MIAMI – El Al Israel Airlines (LY) controlling shareholder Eli Rozenberg has decided to inject an additional US$50m into the ailing airline. The money was part of an agreement with the Ministry of Finance, which saw Rozenberg buy a controlling 42.9% stake for US$105m in El Al’s public offering on the Tel Aviv Stock Exchange (TASE) in September.
The US$50m injection is in addition to an owner’s interest free US$10m loan that Rozenberg’s holding company Kanfei Nesharim Aviation announced. It is part of the debt that El Al is currently trying to raise with government guarantees.
As reported earlier this week by “Globes,” the Israeli Ministry of Finance has agreed to raise the amount of loans it is prepared to guarantee from US$250m to US$300m. It will also raise the percentage of the guarantees from 75% to 82.50%. Kanfei Nesharim said, “Businessman Eli Rozenberg is committed to the financial stability of El Al. He will put the necessary resources and tools to strengthen the company at its disposal.”
El Al chairman David Brodet said, “We have earned full cooperation and high trust from the Ministry of Finance in order to lead El Al to take off anew and assure the future of the company. The commitment of Eli Rozenberg and the injection of additional capital with the state guarantees will ensure that El Al will meet its commitments.”
Some in Israel argued that selling to Rozenberg would amount to a circumvention of the law prohibiting non-Israelis from owning the airline. Eli Rozenberg is a resident of Israel and an Israeli citizen. His father Kenny, Kenny, who owns a nursing home chain in the United States, is not.
The source of the financing for the deal is a 25-year loan from Kenny Rozenberg, Eli Rozenberg confirmed in a meeting with the El Al board of directors, the Israeli business daily Globes reported.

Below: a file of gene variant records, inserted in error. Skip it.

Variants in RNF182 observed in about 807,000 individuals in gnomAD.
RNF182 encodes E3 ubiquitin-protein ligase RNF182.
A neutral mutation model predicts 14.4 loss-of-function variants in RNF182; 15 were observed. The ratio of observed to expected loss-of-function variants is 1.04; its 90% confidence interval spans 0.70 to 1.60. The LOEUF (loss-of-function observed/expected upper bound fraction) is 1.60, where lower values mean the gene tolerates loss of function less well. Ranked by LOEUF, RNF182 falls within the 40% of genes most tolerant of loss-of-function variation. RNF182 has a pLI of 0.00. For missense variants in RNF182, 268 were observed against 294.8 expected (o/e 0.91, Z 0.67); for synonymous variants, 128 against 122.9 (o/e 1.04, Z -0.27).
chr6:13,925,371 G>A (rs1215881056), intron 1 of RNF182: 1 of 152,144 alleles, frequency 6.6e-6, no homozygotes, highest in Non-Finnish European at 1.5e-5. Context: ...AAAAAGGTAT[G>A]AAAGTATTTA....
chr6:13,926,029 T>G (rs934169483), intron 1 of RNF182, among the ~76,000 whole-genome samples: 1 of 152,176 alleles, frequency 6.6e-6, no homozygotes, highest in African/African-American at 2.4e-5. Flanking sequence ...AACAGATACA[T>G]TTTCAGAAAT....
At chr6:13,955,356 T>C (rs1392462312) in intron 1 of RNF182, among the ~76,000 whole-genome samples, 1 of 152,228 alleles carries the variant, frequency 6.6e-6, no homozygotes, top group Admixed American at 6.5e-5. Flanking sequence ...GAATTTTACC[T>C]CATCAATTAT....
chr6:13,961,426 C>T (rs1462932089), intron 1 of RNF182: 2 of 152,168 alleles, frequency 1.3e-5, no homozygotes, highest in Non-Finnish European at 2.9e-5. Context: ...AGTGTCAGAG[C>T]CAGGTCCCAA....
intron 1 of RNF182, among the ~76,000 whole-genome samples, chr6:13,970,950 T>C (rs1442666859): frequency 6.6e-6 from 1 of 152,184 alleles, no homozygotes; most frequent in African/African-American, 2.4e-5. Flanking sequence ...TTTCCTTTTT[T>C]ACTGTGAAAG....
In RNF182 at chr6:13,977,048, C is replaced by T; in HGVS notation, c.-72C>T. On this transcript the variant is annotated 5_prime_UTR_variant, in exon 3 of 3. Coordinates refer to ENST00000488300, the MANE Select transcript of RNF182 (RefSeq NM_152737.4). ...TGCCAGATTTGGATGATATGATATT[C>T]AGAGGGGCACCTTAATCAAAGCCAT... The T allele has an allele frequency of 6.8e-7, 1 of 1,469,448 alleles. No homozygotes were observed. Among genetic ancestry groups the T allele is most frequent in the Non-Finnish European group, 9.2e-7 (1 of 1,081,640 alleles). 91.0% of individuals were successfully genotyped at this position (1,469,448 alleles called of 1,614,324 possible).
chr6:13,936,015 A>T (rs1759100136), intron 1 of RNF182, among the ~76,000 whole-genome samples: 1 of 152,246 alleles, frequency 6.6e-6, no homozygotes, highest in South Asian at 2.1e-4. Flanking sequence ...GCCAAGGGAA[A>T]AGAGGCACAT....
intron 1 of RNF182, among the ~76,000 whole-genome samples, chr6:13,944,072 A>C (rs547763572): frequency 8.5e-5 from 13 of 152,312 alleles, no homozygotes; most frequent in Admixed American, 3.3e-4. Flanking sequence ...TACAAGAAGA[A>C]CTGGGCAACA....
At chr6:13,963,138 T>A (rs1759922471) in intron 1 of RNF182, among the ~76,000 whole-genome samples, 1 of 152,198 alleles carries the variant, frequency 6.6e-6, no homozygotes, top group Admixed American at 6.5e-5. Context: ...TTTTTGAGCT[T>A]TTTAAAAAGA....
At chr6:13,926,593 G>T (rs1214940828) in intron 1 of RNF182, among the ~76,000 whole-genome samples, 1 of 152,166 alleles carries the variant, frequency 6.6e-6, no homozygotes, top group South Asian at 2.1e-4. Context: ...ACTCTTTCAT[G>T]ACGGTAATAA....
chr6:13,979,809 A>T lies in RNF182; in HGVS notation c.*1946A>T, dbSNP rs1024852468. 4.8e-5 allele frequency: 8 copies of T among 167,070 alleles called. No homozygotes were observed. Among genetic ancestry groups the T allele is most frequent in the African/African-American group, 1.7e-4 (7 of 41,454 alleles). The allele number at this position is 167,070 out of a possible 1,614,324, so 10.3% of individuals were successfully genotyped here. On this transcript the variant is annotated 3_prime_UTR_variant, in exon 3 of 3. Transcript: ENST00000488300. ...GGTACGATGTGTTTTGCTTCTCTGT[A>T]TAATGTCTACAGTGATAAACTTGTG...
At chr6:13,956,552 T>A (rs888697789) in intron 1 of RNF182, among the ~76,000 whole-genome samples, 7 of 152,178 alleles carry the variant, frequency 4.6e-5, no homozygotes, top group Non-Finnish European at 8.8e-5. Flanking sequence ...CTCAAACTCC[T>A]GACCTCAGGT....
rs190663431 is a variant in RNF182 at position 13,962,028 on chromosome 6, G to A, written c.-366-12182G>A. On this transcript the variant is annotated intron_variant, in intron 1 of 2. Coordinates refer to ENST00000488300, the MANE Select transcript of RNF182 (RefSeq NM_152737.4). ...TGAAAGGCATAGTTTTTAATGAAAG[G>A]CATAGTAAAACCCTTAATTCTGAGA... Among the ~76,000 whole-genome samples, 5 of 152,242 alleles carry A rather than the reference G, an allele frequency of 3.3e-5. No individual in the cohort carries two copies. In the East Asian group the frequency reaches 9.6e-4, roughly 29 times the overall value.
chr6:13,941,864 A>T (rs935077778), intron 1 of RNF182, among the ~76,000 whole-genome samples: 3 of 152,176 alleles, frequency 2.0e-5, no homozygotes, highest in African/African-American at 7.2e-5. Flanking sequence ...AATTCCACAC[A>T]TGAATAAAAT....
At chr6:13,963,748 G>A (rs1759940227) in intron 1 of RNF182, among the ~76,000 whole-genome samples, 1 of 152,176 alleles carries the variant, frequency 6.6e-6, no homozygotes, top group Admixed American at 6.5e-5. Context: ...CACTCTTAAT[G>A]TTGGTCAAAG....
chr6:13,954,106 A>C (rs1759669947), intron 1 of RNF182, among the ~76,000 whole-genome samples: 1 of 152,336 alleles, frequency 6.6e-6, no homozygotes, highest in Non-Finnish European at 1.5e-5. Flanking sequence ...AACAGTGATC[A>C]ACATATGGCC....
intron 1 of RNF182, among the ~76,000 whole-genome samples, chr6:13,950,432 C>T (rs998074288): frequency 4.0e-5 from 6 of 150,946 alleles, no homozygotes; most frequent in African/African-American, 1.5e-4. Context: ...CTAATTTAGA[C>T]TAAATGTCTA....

Kenneth (Kenny) Rozenberg is the founder and CEO of Centers Heath Care, a chain of nursing homes in the United States. The Rozenbergs, Orthodox Jews from New York, have no known experience in the airline business. According to a recent report in Hebrew business daily Calcalist, Kenny’s rabbi instructed him to buy the Israeli airline.
Many have speculated that Eli will simply become the new owner de jure — because he has Israeli citizenship, a precondition for ownership of the airline — with his father pulling the strings.
However, the Times of Israel reports, in their correspondence with Israeli regulators, Eli Rozenberg’s representatives have stressed that he, and only he, will be the new owner of El Al and that it will be he, and not his father, who will be running the business.
Those questions have placed a focus on the business of the older Rozenberg, with some press reports in the US offering an unsavory portrayal of how he runs some of his nursing homes. These reports paint a picture of a business that scoops up not-for-profit nursing homes and turns them into for-profit machines — laying off employees to cut costs, altering the ratio of workers to residents, and diluting the quality of patient care.
The company recently paid a US$1.65m settlement to the US federal government and New York state for fraudulent billing practices.
The travel-restricting Coronavirus crisis dealt an almost-fatal blow to the already-troubled airline. El Al ceased its scheduled passenger operations and sent some 5,800 of its 6,303 employees out on unpaid leave. Over the past months the airline has gradually begun a return to regular service.
Revenues at the airline for the second quarter of the year plunged by 74% to US$152m. The company recorded a net loss of some $105 million for the quarter, compared with a US$100,000 net profit in the same quarter in 2019.
In the first half of the year, revenue had dropped 53% to US$472m from US$1.01bn in the first half of 2019, the company said. Net loss in the first half of 2020 widened 344% to US$244m, from a net loss of US$55m in the first half of 2019.
Featured image: Luca Flores/Airways